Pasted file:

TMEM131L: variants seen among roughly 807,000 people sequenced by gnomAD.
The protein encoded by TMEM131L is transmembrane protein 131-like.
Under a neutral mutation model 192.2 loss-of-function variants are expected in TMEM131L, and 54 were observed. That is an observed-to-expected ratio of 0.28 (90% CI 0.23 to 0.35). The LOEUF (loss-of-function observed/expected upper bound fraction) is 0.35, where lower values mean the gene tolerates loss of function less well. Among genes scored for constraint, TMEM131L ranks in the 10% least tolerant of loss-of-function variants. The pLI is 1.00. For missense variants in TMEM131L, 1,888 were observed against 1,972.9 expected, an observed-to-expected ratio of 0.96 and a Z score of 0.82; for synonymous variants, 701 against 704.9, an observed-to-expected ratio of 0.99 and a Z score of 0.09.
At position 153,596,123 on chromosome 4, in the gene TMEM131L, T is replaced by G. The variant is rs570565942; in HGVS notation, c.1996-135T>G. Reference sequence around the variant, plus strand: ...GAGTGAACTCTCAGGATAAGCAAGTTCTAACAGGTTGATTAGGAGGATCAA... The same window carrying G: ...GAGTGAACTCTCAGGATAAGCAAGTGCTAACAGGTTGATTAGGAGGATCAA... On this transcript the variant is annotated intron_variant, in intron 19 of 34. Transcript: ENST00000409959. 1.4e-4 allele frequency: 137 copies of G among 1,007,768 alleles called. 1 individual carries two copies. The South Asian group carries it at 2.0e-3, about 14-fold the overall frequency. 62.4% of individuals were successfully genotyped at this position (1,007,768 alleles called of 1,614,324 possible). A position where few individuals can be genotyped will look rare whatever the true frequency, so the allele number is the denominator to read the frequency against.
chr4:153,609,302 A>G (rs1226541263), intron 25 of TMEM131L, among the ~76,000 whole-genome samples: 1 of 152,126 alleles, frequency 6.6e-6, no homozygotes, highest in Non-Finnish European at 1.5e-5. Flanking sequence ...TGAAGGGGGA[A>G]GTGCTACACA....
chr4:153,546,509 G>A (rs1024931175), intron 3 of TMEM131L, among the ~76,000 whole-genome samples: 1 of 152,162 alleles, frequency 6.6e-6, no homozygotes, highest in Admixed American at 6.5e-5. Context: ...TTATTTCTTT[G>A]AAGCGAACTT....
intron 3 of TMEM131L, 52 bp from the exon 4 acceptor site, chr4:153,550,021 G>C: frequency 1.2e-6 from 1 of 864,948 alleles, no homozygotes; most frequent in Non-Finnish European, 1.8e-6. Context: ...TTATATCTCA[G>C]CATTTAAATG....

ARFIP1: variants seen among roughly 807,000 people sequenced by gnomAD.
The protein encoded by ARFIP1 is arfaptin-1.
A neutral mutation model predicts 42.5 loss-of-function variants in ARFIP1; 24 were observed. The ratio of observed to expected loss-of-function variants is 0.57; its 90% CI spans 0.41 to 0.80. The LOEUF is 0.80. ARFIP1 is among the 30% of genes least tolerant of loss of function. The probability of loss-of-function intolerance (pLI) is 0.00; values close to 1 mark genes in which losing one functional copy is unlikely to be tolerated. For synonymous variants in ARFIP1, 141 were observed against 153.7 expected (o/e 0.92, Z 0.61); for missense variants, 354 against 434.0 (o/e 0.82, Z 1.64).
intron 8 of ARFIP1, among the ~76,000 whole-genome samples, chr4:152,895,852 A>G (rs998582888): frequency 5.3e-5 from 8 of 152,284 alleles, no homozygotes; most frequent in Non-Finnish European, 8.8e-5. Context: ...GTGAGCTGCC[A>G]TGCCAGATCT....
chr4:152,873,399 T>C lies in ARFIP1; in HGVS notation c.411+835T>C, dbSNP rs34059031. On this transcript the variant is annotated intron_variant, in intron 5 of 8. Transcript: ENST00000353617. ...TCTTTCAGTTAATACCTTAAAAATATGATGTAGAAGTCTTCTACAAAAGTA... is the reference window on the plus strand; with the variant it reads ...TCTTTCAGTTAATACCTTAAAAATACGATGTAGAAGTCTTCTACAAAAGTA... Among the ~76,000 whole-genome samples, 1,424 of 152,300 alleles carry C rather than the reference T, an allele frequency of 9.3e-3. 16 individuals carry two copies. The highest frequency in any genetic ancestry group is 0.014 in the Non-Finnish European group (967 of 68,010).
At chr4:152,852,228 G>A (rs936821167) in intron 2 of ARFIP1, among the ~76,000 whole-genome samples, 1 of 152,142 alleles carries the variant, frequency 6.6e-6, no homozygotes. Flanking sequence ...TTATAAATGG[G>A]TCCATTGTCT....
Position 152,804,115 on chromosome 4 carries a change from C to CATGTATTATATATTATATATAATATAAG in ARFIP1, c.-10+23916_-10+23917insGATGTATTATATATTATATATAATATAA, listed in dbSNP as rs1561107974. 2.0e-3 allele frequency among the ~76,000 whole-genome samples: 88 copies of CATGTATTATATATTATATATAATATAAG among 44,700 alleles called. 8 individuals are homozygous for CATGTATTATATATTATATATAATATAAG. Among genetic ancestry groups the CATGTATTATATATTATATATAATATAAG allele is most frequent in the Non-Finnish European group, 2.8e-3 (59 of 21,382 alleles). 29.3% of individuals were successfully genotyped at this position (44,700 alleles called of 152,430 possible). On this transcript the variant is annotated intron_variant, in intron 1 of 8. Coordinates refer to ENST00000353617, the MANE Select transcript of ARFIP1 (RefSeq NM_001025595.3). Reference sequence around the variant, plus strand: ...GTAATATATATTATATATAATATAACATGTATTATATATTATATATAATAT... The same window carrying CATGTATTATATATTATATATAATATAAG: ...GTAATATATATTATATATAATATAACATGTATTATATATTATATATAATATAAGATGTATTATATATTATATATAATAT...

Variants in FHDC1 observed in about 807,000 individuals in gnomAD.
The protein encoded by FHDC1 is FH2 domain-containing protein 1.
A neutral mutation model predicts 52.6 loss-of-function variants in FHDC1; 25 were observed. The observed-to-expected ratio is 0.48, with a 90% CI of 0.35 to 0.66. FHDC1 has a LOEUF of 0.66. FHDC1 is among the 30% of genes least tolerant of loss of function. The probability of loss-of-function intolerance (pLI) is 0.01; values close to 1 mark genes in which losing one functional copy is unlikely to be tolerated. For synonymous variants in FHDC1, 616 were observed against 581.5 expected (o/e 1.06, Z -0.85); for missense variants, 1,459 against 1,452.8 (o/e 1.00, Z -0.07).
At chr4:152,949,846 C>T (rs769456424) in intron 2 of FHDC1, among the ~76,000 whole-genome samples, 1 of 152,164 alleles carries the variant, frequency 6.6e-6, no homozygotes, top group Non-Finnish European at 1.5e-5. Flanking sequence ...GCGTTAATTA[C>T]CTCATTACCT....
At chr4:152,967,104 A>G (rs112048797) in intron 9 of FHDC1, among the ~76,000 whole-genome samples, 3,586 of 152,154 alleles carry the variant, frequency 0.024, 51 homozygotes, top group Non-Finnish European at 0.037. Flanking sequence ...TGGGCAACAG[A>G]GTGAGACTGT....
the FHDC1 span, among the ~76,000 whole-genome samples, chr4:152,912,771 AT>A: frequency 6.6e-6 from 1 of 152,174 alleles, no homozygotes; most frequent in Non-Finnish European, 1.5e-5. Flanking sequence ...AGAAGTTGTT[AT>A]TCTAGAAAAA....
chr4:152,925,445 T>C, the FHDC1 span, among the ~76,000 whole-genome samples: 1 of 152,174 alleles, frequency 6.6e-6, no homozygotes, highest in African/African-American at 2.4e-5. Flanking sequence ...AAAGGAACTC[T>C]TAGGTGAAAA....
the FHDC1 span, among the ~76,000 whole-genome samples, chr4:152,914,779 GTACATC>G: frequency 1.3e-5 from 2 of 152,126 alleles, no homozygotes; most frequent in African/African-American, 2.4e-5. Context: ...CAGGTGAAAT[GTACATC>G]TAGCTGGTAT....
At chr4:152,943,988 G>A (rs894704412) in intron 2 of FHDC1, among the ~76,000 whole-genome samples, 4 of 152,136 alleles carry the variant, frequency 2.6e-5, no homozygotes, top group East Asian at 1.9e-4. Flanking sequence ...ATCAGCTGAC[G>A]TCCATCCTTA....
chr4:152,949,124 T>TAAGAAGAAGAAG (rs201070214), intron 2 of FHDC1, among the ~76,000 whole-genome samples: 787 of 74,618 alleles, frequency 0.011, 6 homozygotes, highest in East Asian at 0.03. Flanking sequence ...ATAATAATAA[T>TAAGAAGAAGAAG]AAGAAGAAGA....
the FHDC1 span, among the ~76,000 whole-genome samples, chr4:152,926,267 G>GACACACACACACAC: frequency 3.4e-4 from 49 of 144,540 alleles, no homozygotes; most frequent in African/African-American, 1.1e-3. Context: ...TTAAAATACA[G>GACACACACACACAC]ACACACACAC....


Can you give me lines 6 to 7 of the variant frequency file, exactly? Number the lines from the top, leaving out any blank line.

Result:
chr4:153,546,509 G>A (rs1024931175), intron 3 of TMEM131L, among the ~76,000 whole-genome samples: 1 of 152,162 alleles, frequency 6.6e-6, no homozygotes, highest in Admixed American at 6.5e-5. Context: ...TTATTTCTTT[G>A]AAGCGAACTT....
intron 3 of TMEM131L, 52 bp from the exon 4 acceptor site, chr4:153,550,021 G>C: frequency 1.2e-6 from 1 of 864,948 alleles, no homozygotes; most frequent in Non-Finnish European, 1.8e-6. Context: ...TTATATCTCA[G>C]CATTTAAATG....